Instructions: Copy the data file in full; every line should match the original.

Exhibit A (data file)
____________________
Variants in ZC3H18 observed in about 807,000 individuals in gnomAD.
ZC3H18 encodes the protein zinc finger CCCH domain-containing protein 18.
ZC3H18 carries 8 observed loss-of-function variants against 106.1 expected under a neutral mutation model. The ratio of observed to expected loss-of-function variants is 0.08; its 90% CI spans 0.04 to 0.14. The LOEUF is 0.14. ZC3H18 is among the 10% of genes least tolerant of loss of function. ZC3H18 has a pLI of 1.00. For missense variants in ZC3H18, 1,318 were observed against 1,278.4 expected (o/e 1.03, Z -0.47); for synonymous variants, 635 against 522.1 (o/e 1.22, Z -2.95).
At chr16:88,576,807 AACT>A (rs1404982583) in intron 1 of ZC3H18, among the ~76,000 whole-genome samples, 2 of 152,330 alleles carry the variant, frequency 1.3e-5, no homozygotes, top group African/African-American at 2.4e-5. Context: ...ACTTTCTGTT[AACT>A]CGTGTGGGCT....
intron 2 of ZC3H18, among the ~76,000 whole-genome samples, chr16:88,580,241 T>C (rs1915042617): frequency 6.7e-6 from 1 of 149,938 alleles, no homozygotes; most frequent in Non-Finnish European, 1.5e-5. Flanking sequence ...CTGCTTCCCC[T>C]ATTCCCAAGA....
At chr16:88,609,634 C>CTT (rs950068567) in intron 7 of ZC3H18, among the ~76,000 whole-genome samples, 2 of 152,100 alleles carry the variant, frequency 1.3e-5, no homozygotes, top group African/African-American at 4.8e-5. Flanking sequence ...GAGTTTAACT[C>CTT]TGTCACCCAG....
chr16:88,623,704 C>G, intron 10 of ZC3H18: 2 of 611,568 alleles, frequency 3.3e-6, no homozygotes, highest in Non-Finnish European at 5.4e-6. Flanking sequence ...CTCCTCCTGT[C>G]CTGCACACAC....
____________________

Variants in ZC3H18 observed in about 807,000 individuals in gnomAD.
ZC3H18 encodes the protein zinc finger CCCH domain-containing protein 18.
ZC3H18 carries 8 observed loss-of-function variants against 106.1 expected under a neutral mutation model. The ratio of observed to expected loss-of-function variants is 0.08; its 90% CI spans 0.04 to 0.14. The LOEUF is 0.14. ZC3H18 is among the 10% of genes least tolerant of loss of function. ZC3H18 has a pLI of 1.00. For missense variants in ZC3H18, 1,318 were observed against 1,278.4 expected (o/e 1.03, Z -0.47); for synonymous variants, 635 against 522.1 (o/e 1.22, Z -2.95).
At chr16:88,576,807 AACT>A (rs1404982583) in intron 1 of ZC3H18, among the ~76,000 whole-genome samples, 2 of 152,330 alleles carry the variant, frequency 1.3e-5, no homozygotes, top group African/African-American at 2.4e-5. Context: ...ACTTTCTGTT[AACT>A]CGTGTGGGCT....
intron 2 of ZC3H18, among the ~76,000 whole-genome samples, chr16:88,580,241 T>C (rs1915042617): frequency 6.7e-6 from 1 of 149,938 alleles, no homozygotes; most frequent in Non-Finnish European, 1.5e-5. Flanking sequence ...CTGCTTCCCC[T>C]ATTCCCAAGA....
At chr16:88,609,634 C>CTT (rs950068567) in intron 7 of ZC3H18, among the ~76,000 whole-genome samples, 2 of 152,100 alleles carry the variant, frequency 1.3e-5, no homozygotes, top group African/African-American at 4.8e-5. Flanking sequence ...GAGTTTAACT[C>CTT]TGTCACCCAG....
chr16:88,623,704 C>G, intron 10 of ZC3H18: 2 of 611,568 alleles, frequency 3.3e-6, no homozygotes, highest in Non-Finnish European at 5.4e-6. Flanking sequence ...CTCCTCCTGT[C>G]CTGCACACAC....